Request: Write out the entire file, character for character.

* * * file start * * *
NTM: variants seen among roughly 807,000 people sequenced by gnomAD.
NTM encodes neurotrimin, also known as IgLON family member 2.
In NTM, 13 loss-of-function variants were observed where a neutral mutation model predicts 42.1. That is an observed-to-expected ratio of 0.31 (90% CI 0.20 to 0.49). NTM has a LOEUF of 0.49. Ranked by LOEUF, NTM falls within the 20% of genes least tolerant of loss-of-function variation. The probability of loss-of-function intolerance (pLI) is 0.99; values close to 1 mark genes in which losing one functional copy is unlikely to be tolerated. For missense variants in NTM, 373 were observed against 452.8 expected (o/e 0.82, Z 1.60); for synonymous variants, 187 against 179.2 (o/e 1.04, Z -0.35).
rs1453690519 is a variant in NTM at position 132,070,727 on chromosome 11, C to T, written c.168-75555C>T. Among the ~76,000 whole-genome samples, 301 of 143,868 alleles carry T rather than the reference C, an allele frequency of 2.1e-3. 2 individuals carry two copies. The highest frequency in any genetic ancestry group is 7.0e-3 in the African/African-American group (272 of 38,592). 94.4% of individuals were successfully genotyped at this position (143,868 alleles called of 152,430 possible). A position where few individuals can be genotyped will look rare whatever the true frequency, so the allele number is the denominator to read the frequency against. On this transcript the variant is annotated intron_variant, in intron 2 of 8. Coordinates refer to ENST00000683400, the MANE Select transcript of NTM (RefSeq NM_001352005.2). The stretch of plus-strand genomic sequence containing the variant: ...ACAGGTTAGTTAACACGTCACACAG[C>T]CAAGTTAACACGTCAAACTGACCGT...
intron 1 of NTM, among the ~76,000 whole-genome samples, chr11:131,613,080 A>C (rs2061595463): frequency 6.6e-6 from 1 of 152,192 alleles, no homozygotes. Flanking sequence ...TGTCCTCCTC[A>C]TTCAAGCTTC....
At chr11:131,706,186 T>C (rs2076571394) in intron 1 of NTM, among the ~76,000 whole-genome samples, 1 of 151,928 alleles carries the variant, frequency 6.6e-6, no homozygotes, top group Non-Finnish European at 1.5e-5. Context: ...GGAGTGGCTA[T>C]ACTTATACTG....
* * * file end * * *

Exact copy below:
NTM: variants seen among roughly 807,000 people sequenced by gnomAD.
NTM encodes neurotrimin, also known as IgLON family member 2.
In NTM, 13 loss-of-function variants were observed where a neutral mutation model predicts 42.1. That is an observed-to-expected ratio of 0.31 (90% CI 0.20 to 0.49). NTM has a LOEUF of 0.49. Ranked by LOEUF, NTM falls within the 20% of genes least tolerant of loss-of-function variation. The probability of loss-of-function intolerance (pLI) is 0.99; values close to 1 mark genes in which losing one functional copy is unlikely to be tolerated. For missense variants in NTM, 373 were observed against 452.8 expected (o/e 0.82, Z 1.60); for synonymous variants, 187 against 179.2 (o/e 1.04, Z -0.35).
rs1453690519 is a variant in NTM at position 132,070,727 on chromosome 11, C to T, written c.168-75555C>T. Among the ~76,000 whole-genome samples, 301 of 143,868 alleles carry T rather than the reference C, an allele frequency of 2.1e-3. 2 individuals carry two copies. The highest frequency in any genetic ancestry group is 7.0e-3 in the African/African-American group (272 of 38,592). 94.4% of individuals were successfully genotyped at this position (143,868 alleles called of 152,430 possible). A position where few individuals can be genotyped will look rare whatever the true frequency, so the allele number is the denominator to read the frequency against. On this transcript the variant is annotated intron_variant, in intron 2 of 8. Coordinates refer to ENST00000683400, the MANE Select transcript of NTM (RefSeq NM_001352005.2). The stretch of plus-strand genomic sequence containing the variant: ...ACAGGTTAGTTAACACGTCACACAG[C>T]CAAGTTAACACGTCAAACTGACCGT...
intron 1 of NTM, among the ~76,000 whole-genome samples, chr11:131,613,080 A>C (rs2061595463): frequency 6.6e-6 from 1 of 152,192 alleles, no homozygotes. Flanking sequence ...TGTCCTCCTC[A>C]TTCAAGCTTC....
At chr11:131,706,186 T>C (rs2076571394) in intron 1 of NTM, among the ~76,000 whole-genome samples, 1 of 151,928 alleles carries the variant, frequency 6.6e-6, no homozygotes, top group Non-Finnish European at 1.5e-5. Context: ...GGAGTGGCTA[T>C]ACTTATACTG....